PMCID: PMC2702494  PMID: 18826437
24.  A supervised learning approach for taxonomic classification of core-photosystem-II genes and transcripts in the marine environment 
BMC Genomics  2009;10:229.
Background
Cyanobacteria of the genera Synechococcus and Prochlorococcus play a key role in marine photosynthesis, which contributes to the global carbon cycle and to the world oxygen supply. Recently, genes encoding the photosystem II reaction center (psbA and psbD) were found in cyanophage genomes. This phenomenon suggested that the horizontal transfer of these genes may be involved in increasing phage fitness. To date, a very small percentage of marine bacteria and phages has been cultured. Thus, mapping genomic data extracted directly from the environment to its taxonomic origin is necessary for a better understanding of phage-host relationships and dynamics.
Results
To achieve an accurate and rapid taxonomic classification, we employed a computational approach combining a multi-class Support Vector Machine (SVM) with a codon usage position specific scoring matrix (cuPSSM). Our method has been applied successfully to classify core-photosystem-II gene fragments, including partial sequences coming directly from the ocean, to seven different taxonomic classes. Applying the method on a large set of DNA and RNA psbA clones from the Mediterranean Sea, we studied the distribution of cyanobacterial psbA genes and transcripts in their natural environment. Using our approach, we were able to simultaneously examine taxonomic and ecological distributions in the marine environment.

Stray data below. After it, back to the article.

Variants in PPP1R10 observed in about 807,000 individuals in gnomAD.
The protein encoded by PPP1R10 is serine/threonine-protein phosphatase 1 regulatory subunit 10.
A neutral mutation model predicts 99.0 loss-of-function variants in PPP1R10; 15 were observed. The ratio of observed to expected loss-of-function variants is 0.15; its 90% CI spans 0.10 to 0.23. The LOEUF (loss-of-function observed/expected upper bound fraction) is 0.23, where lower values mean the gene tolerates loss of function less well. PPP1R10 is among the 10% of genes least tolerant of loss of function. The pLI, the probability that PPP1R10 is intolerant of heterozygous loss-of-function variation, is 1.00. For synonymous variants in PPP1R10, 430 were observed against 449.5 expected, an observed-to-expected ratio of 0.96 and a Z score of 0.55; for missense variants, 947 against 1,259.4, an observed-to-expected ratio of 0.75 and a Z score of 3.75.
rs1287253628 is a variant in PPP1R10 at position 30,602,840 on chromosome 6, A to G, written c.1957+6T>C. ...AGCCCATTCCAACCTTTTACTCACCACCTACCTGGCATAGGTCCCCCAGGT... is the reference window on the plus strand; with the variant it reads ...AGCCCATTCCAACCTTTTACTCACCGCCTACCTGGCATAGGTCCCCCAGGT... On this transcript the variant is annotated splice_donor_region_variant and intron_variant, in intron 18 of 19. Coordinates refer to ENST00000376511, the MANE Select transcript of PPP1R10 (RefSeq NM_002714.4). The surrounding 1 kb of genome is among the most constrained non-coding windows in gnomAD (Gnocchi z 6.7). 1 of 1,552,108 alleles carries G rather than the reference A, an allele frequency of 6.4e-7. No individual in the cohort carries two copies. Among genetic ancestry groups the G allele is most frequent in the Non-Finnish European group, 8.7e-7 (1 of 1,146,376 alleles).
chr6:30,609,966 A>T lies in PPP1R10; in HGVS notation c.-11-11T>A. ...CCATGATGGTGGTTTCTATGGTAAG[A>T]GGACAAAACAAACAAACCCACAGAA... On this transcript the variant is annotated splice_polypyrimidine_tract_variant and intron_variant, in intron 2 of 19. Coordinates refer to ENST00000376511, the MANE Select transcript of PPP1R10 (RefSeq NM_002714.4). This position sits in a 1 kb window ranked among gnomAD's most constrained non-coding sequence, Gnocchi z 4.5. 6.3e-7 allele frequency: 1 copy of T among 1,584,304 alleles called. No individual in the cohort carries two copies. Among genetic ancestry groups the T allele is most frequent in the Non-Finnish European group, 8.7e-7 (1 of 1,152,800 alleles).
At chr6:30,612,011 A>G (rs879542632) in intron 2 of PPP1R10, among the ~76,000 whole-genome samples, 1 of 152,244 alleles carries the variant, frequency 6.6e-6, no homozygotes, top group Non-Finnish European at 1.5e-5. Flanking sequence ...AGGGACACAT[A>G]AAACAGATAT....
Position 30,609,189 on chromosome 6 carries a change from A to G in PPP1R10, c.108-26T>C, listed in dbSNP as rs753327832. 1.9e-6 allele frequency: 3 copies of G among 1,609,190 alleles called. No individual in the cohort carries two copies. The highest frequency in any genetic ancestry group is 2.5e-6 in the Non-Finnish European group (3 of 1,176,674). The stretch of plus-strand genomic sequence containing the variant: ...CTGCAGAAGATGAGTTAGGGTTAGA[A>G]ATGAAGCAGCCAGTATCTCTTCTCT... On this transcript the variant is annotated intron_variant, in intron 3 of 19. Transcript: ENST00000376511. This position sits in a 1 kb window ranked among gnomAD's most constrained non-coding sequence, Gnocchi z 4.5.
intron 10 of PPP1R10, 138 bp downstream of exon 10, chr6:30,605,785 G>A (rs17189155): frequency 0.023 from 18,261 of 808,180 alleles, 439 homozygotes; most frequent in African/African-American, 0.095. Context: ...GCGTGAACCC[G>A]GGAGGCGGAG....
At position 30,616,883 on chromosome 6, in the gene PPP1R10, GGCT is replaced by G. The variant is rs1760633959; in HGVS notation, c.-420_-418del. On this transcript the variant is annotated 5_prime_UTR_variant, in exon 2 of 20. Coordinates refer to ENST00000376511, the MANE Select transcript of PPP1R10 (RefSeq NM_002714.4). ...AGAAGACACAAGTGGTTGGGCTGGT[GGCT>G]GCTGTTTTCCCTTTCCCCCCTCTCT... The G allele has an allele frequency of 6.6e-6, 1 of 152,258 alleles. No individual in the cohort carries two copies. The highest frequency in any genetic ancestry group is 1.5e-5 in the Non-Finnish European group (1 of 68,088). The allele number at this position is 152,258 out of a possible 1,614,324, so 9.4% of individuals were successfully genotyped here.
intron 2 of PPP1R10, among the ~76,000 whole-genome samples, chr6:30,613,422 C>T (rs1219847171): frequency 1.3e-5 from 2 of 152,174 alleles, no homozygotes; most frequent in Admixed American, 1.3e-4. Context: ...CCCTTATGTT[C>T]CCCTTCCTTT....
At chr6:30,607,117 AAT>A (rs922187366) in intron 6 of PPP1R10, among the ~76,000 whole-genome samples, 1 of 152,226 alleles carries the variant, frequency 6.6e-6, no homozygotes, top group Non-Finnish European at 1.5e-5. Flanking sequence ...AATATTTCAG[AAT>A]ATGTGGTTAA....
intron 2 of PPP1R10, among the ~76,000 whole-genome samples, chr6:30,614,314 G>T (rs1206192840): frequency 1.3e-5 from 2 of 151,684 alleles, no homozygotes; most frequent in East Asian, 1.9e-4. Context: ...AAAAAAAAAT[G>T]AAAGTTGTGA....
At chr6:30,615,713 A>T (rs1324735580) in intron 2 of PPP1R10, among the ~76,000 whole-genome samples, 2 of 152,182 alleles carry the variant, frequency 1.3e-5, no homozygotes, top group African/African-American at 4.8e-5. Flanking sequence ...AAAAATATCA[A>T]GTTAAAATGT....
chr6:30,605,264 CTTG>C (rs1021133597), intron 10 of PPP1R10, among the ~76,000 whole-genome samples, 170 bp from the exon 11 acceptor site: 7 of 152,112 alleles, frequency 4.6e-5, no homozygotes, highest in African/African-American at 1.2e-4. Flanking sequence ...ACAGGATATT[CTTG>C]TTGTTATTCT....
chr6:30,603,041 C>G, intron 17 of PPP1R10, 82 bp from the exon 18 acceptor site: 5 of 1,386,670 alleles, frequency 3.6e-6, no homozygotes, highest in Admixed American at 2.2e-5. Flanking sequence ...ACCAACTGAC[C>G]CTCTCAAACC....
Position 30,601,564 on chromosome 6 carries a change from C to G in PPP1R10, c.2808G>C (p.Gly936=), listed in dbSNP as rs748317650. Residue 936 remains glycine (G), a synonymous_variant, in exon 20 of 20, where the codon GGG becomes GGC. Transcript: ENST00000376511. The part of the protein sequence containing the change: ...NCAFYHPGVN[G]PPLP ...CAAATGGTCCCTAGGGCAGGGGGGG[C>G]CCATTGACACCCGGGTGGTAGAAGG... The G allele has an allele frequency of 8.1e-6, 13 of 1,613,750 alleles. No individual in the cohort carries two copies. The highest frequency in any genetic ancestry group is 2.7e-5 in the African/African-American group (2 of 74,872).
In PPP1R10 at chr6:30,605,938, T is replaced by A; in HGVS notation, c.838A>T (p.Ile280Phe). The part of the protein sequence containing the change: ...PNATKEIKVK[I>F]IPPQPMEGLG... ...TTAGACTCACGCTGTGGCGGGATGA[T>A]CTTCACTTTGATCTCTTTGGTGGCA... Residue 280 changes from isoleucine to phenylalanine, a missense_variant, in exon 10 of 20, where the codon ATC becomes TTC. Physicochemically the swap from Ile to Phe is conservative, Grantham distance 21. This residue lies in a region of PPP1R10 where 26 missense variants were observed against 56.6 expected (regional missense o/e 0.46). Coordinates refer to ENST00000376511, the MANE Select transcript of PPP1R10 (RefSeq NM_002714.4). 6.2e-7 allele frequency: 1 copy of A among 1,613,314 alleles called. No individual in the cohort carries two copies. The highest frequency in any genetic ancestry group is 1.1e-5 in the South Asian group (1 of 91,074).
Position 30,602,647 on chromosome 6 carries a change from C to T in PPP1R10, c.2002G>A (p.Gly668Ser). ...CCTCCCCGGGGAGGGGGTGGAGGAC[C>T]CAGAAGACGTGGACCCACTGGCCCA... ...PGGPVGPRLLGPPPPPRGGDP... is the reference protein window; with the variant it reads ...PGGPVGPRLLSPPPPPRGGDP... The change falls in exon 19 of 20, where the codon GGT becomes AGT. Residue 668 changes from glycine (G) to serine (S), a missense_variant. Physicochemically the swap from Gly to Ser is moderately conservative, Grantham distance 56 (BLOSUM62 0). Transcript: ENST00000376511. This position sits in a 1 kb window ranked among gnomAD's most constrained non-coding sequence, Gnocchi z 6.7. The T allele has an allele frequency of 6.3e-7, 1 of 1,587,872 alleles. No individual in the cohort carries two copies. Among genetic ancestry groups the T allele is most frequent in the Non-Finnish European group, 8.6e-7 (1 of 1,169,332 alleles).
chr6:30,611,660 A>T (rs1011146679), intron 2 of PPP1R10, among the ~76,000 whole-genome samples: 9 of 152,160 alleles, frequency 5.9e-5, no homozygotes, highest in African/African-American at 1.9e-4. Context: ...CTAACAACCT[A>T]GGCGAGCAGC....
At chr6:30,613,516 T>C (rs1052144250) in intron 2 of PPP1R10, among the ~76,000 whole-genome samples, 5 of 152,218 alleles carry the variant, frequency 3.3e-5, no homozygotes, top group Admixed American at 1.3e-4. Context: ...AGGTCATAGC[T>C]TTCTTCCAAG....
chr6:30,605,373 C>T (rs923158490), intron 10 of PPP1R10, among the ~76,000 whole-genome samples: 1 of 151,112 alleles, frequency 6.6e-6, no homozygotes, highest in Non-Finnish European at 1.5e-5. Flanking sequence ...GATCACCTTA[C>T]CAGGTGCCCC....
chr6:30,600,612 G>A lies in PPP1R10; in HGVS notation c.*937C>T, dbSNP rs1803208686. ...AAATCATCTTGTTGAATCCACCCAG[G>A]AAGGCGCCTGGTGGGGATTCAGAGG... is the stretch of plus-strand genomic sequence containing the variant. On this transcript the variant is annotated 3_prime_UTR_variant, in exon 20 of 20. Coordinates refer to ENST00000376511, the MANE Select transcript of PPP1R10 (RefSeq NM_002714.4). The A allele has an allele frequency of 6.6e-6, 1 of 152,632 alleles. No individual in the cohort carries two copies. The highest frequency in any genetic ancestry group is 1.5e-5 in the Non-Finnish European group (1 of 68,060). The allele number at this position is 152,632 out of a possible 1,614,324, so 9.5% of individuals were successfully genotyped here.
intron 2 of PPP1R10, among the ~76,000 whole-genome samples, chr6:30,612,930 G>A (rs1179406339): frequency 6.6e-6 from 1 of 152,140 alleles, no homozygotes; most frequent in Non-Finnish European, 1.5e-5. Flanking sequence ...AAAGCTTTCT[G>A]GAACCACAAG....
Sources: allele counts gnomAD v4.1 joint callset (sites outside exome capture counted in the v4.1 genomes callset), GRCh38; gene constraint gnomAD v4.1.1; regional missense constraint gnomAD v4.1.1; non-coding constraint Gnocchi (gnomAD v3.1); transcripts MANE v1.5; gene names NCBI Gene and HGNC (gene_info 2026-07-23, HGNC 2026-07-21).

Conclusion
The ability to accurately classify the origin of individual genes and transcripts coming directly from the environment is of great importance in studying marine ecology. The classification method presented in this paper could be applied further to classify other genes amplified from the environment, for which training data is available.
doi:10.1186/1471-2164-10-229
PMCID: PMC2696472  PMID: 19445709
25.  Novel Primers Reveal Wider Diversity among Marine Aerobic Anoxygenic Phototrophs†  
Applied and Environmental Microbiology  2005;71(12):8958-8962.
Aerobic anoxygenic phototrophic bacteria (AAnPs) were previously proposed to account for up to 11% of marine bacterioplankton and to potentially have great ecological importance in the world's oceans. Our data show that previously used primers based on the M subunit of anoxygenic photosynthetic reaction center genes (pufM) do not comprehensively identify the diversity of AAnPs in the ocean. We have designed and tested a new set of pufM-specific primers and revealed several new AAnP variants in environmental DNA samples and genomic libraries.
doi:10.1128/AEM.71.12.8958-8962.2005
PMCID: PMC1317425  PMID: 16332899

Results 1-25 (28)